Ebola and Poverty

Although contracting Ebola is highly unlikely, the disease itself is extremely deadly with between a 50% and 90% mortality rate once you are infected. The 2014 Ebola outbreak in West Africa has claimed around 1,400 lives, and threatens to spread into surrounding nations. The countries currently affected are Nigeria, Guinea, Liberia and Sierra Leone, which together have a combined population of around 197 million people. Officials suggest the outbreak will probably take another 6 months to get under control, given a consistent level of medical aid.

Map of the affected region, showing where infections have been reported and where hospitals are. It appears the whole of Sierra Leone has been impacted by the disease, despite being the last of these three countries (Nigeria, although not visible, was the latest country to report a case) to report any cases of Ebola. (Center for Disease Control and Prevention)

Poverty has played a part in both spreading the disease and stopping the countries from responding adequately. It has made the quarantine effort much harder, although there is a reduced risk of international infection due to the low level of air travel to and from the affected countries.

A large number of people in the affected nations live in slums; settlements which have few amenities and are often branded illegal by the government. The population live close together in shacks making the spread of the disease all that easier. The sewer system can be a simple gutter in the middle of the path – Ebola spreads through contact with bodily fluids.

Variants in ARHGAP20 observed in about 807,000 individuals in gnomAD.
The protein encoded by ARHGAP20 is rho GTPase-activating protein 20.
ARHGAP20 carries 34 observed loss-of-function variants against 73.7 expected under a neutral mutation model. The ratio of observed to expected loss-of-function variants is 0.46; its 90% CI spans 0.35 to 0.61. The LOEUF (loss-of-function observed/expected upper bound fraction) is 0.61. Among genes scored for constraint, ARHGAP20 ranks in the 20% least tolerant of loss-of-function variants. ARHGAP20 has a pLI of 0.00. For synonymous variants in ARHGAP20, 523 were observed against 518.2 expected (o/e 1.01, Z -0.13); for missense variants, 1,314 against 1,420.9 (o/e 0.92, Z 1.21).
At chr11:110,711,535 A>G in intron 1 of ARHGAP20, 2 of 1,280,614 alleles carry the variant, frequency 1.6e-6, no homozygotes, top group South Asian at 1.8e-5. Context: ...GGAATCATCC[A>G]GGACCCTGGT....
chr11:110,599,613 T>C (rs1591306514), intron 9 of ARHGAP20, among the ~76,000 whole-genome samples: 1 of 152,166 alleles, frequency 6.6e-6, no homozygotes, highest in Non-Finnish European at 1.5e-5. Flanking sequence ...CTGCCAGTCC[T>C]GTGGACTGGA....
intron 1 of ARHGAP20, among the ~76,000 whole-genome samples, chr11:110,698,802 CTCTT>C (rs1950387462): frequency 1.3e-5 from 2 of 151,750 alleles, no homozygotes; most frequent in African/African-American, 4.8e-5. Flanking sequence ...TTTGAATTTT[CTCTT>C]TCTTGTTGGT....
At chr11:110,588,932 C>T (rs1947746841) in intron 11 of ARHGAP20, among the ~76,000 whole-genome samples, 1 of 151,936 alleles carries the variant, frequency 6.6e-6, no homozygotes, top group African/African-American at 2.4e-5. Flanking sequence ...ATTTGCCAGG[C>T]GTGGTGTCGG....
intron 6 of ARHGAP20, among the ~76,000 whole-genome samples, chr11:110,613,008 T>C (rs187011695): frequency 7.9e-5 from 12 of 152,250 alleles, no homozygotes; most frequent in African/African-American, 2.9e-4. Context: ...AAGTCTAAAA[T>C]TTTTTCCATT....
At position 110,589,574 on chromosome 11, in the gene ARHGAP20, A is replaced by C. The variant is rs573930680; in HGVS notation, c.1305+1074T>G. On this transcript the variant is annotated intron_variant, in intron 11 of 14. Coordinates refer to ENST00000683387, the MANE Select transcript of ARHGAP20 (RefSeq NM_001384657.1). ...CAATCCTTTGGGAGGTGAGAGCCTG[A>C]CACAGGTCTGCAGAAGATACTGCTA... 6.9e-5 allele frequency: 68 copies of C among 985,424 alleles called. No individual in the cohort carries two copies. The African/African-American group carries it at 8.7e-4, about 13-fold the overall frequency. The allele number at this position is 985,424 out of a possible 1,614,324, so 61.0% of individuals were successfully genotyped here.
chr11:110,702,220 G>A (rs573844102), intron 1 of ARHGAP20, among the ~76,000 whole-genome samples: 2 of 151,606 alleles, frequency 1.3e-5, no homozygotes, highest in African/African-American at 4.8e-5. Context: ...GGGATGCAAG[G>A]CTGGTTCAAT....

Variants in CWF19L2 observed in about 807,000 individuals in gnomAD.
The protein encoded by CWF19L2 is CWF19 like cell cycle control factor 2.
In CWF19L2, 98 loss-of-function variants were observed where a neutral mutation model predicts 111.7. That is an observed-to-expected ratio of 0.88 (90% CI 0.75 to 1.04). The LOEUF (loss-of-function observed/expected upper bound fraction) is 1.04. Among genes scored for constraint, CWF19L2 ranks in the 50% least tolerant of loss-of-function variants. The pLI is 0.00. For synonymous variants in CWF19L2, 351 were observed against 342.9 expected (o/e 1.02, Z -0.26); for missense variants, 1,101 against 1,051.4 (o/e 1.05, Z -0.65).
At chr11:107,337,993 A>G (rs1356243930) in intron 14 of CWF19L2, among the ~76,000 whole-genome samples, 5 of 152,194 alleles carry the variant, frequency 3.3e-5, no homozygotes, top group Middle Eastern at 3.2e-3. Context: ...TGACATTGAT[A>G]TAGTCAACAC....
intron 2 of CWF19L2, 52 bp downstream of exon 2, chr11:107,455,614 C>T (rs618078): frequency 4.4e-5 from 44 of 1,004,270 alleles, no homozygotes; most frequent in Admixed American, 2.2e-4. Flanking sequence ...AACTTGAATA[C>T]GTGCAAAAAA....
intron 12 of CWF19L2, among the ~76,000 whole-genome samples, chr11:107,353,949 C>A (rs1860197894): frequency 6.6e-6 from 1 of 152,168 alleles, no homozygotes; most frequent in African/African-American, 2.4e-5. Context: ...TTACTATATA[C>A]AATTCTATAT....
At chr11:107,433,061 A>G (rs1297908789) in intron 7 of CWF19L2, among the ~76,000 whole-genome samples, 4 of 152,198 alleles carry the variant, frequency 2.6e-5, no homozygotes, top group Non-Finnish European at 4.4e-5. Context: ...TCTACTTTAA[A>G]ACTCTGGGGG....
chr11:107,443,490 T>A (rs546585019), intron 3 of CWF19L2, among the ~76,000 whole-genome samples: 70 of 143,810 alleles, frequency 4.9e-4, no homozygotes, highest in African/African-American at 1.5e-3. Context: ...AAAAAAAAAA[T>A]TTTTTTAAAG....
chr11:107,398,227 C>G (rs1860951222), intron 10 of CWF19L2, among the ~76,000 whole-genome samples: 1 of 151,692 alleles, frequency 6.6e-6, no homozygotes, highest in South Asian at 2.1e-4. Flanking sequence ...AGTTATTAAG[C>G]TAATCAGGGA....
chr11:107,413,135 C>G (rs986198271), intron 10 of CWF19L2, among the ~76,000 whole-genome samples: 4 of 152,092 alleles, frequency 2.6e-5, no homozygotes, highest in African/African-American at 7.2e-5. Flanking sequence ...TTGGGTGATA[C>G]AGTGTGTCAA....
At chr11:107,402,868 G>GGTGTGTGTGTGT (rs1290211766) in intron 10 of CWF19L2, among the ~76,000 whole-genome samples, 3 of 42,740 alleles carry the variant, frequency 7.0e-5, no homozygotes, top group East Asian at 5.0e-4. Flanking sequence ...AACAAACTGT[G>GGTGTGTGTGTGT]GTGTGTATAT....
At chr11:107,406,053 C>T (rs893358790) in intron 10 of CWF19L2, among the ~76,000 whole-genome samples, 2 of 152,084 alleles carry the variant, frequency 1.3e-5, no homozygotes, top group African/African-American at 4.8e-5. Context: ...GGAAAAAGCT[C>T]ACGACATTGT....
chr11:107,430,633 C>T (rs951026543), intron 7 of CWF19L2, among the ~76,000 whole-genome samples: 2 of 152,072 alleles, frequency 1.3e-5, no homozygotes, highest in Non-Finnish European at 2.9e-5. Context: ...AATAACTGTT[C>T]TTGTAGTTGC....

The Ebola virus (Center for Disease Control and Prevention, CDC – Dr Frederick A. Murphy)

In less developed countries the government can be seen as being corrupt by the population, so when Ebola was announced, many people didn’t believe it to be real. A quarantine centre in Monrovia, Liberia, was attacked – many say because the population believed the disease to be a hoax and wanted to shut the quarantine centre down. Patients escaped, sparking fears that the outbreak may not be so easily contained. (BBC Article)

Borders are less secure in these countries, making it easier for infected individuals to move around freely, potentially spreading the disease. However, the authorities have worked hard to police airports and potential border crossings in order to avoid further infections in other countries, using quick tests to see if travellers have contracted the disease or not.

Liberia and Sierra Leone have also made a law which provides the police with the ability to arrest and impose jail time on anyone caught hiding a person known to have contracted Ebola. (Al Jazeera Article)


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